The last thing this world needs is another pandemic. However, it seems like we’re in a never-ending battle against the microcosmic world beneath the surface of our skin, and now, it may just be the thing that wipes us out.
This past fall, an outbreak of H5N1, otherwise known as avian influenza, occurred on a Spanish mink farm overseas. The unfortunate outbreak killed off every single one of the 50,000 minks on the farm.
Now, you may be thinking, “What do minks have to do with me?”
Well, this incident has pretty significant implications, as some experts say this could be the very first time we’ve discovered mammal-to-mammal transmission of a highly deadly bird flu virus. A recent study proved this theory to be true, and now scientists are saying that such a development is concerning for human health.
While the avian flu has been known to sporadically spread to various mammals from birds, a recent Eurosurveillance study highlights the severity of the mink deaths and sicknesses. The researchers also suggest the possibility of onward virus transmission to the other minks on the Spanish farm, further raising concerns about potential risks to humans.
Experts are worried about the potential consequences that this transmission style could have on humans, given the alarming possibility of mammalian transmission. University of Sydney researcher Michelle Wille warned about the real potential for such transmission.
However, she’s not the only one who’s deeply concerned with the possibly devastating outcomes.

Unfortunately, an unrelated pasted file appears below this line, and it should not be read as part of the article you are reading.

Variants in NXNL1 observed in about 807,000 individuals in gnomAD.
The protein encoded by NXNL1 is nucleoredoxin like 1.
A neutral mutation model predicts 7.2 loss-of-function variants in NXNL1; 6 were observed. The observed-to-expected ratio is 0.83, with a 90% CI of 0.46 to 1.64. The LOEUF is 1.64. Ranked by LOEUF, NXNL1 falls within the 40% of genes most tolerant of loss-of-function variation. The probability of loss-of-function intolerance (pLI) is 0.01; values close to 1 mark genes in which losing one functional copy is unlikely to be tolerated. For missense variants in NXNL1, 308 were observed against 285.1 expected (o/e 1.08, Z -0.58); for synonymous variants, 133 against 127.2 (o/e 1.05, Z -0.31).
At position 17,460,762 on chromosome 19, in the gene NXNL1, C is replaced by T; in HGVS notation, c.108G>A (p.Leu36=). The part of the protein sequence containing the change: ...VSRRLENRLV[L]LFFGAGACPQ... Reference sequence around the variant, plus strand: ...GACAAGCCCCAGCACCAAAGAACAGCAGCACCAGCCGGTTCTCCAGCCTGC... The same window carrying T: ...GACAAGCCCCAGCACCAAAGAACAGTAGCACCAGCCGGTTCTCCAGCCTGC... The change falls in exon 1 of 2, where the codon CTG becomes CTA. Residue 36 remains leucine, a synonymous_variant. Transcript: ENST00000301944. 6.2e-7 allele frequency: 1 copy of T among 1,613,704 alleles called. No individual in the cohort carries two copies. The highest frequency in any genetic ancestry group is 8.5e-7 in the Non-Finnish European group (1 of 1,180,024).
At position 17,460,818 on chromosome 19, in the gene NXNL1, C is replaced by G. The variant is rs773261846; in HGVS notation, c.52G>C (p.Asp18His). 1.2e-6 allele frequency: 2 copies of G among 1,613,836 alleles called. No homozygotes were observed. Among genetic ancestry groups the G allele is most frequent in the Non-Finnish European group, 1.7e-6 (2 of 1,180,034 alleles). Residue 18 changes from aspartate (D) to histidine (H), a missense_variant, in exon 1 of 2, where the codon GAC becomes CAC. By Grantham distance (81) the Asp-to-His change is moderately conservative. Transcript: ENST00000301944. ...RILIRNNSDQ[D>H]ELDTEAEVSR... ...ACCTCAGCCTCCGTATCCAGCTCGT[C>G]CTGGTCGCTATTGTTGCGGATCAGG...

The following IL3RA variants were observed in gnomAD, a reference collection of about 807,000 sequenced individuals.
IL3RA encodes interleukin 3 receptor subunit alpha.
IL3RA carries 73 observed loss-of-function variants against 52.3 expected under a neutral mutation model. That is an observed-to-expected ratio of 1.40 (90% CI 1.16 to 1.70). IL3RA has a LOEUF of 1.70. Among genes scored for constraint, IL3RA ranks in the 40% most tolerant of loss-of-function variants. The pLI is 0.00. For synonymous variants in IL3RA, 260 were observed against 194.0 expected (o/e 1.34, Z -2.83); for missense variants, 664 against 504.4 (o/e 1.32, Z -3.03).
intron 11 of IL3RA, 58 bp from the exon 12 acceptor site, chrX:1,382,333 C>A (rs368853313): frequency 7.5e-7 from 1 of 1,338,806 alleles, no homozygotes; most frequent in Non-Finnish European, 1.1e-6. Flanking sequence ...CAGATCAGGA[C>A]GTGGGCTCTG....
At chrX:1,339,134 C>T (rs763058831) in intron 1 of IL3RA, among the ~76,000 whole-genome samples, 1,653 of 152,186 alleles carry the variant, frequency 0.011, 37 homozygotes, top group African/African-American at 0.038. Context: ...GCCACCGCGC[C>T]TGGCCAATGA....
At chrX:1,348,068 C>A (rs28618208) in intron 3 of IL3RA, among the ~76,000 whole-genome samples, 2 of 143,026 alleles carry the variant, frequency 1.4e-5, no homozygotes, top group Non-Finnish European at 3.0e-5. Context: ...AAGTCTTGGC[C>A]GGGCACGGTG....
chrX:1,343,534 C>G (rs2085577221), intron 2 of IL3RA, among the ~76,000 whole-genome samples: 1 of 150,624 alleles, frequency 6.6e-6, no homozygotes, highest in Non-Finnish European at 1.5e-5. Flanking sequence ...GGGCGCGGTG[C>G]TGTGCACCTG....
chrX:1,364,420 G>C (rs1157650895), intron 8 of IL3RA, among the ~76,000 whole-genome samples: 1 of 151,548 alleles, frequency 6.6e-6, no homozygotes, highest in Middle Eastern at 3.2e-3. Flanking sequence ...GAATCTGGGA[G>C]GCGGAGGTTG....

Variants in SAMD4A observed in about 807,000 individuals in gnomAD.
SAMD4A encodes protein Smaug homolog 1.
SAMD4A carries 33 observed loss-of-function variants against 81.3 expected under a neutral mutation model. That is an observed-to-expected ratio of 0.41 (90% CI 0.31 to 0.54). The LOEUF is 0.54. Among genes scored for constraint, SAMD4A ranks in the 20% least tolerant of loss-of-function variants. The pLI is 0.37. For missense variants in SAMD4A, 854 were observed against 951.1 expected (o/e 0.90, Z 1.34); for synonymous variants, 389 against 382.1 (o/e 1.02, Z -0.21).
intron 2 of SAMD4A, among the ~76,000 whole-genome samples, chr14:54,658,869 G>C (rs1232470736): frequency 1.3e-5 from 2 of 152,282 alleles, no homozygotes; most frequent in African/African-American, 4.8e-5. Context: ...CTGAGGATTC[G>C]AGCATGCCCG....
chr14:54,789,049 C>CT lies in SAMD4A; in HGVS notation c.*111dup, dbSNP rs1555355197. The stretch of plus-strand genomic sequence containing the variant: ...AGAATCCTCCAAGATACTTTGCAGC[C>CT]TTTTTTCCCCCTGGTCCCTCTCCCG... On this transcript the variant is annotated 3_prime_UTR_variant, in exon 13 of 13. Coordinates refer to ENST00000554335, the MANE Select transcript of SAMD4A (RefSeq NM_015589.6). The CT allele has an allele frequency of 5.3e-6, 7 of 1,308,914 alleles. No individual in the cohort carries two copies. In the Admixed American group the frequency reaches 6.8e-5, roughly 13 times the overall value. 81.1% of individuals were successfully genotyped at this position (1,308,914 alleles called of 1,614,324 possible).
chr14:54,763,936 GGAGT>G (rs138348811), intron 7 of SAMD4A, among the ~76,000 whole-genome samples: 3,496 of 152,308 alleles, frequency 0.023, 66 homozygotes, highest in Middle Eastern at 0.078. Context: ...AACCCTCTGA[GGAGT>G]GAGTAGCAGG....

Infectious disease specialist Isaac Bogoch emphasized the gravity of the situation in a recent post on social media, stating that this infection carries the risk of becoming an epidemic or even a pandemic. He also underscored the need for vigilance.
“Awareness among the public is key,” he said.
Well, if we weren’t already uncomfortable enough with this situation, now we’re feeling it.
Influenza H5N1 has quite a notorious personality. Unique to many other viruses, it has a nearly 100% bird mortality rate. And while mammals haven’t been as susceptible to the virus as their flying cousins, they are not immune to its effects either.
For humans, the global mortality rate from bird flu stands at over 50%, according to the World Health Organization.
Up until now, human infections have been linked to infected bird contact, and now this mammal-to-mammal transmission raises significant worries. The possibility of a mammal, like a mink, acting as a through host opens the door for the virus to mutate and pose a serious threat to the greater mammal society. That includes humans.
Louise Moncla, an assistant professor for the School of Veterinary Medicine at the University of Pennsylvania, explains to CBC News that this scenario is particularly troubling because it aligns with the type of situation in which the virus adapts and replicates more efficiently in mammals, including humans. This could potentially make the virus more dangerous and increase the risk of it spreading further.